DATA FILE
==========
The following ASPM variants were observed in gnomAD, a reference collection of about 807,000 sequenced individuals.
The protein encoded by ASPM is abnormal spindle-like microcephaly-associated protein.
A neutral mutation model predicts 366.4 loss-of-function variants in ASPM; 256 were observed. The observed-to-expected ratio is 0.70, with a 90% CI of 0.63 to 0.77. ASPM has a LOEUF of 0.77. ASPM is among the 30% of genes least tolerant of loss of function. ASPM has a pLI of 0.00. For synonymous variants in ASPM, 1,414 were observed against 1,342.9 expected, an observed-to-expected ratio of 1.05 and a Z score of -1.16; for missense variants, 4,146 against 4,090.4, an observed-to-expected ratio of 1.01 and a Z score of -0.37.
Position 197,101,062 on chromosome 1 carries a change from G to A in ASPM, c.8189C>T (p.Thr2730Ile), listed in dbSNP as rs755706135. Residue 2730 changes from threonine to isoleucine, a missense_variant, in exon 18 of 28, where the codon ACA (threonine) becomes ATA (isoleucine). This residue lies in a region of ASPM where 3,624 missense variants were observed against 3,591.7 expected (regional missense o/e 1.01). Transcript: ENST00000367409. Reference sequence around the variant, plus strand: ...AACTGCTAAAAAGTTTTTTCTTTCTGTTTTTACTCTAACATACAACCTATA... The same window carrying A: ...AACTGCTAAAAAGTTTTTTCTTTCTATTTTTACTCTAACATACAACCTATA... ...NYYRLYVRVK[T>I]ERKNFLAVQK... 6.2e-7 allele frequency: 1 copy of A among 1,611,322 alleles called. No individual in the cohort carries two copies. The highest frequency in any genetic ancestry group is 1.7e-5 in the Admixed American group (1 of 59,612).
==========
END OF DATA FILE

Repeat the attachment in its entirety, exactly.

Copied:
The following ASPM variants were observed in gnomAD, a reference collection of about 807,000 sequenced individuals.
The protein encoded by ASPM is abnormal spindle-like microcephaly-associated protein.
A neutral mutation model predicts 366.4 loss-of-function variants in ASPM; 256 were observed. The observed-to-expected ratio is 0.70, with a 90% CI of 0.63 to 0.77. ASPM has a LOEUF of 0.77. ASPM is among the 30% of genes least tolerant of loss of function. ASPM has a pLI of 0.00. For synonymous variants in ASPM, 1,414 were observed against 1,342.9 expected, an observed-to-expected ratio of 1.05 and a Z score of -1.16; for missense variants, 4,146 against 4,090.4, an observed-to-expected ratio of 1.01 and a Z score of -0.37.
Position 197,101,062 on chromosome 1 carries a change from G to A in ASPM, c.8189C>T (p.Thr2730Ile), listed in dbSNP as rs755706135. Residue 2730 changes from threonine to isoleucine, a missense_variant, in exon 18 of 28, where the codon ACA (threonine) becomes ATA (isoleucine). This residue lies in a region of ASPM where 3,624 missense variants were observed against 3,591.7 expected (regional missense o/e 1.01). Transcript: ENST00000367409. Reference sequence around the variant, plus strand: ...AACTGCTAAAAAGTTTTTTCTTTCTGTTTTTACTCTAACATACAACCTATA... The same window carrying A: ...AACTGCTAAAAAGTTTTTTCTTTCTATTTTTACTCTAACATACAACCTATA... ...NYYRLYVRVK[T>I]ERKNFLAVQK... 6.2e-7 allele frequency: 1 copy of A among 1,611,322 alleles called. No individual in the cohort carries two copies. The highest frequency in any genetic ancestry group is 1.7e-5 in the Admixed American group (1 of 59,612).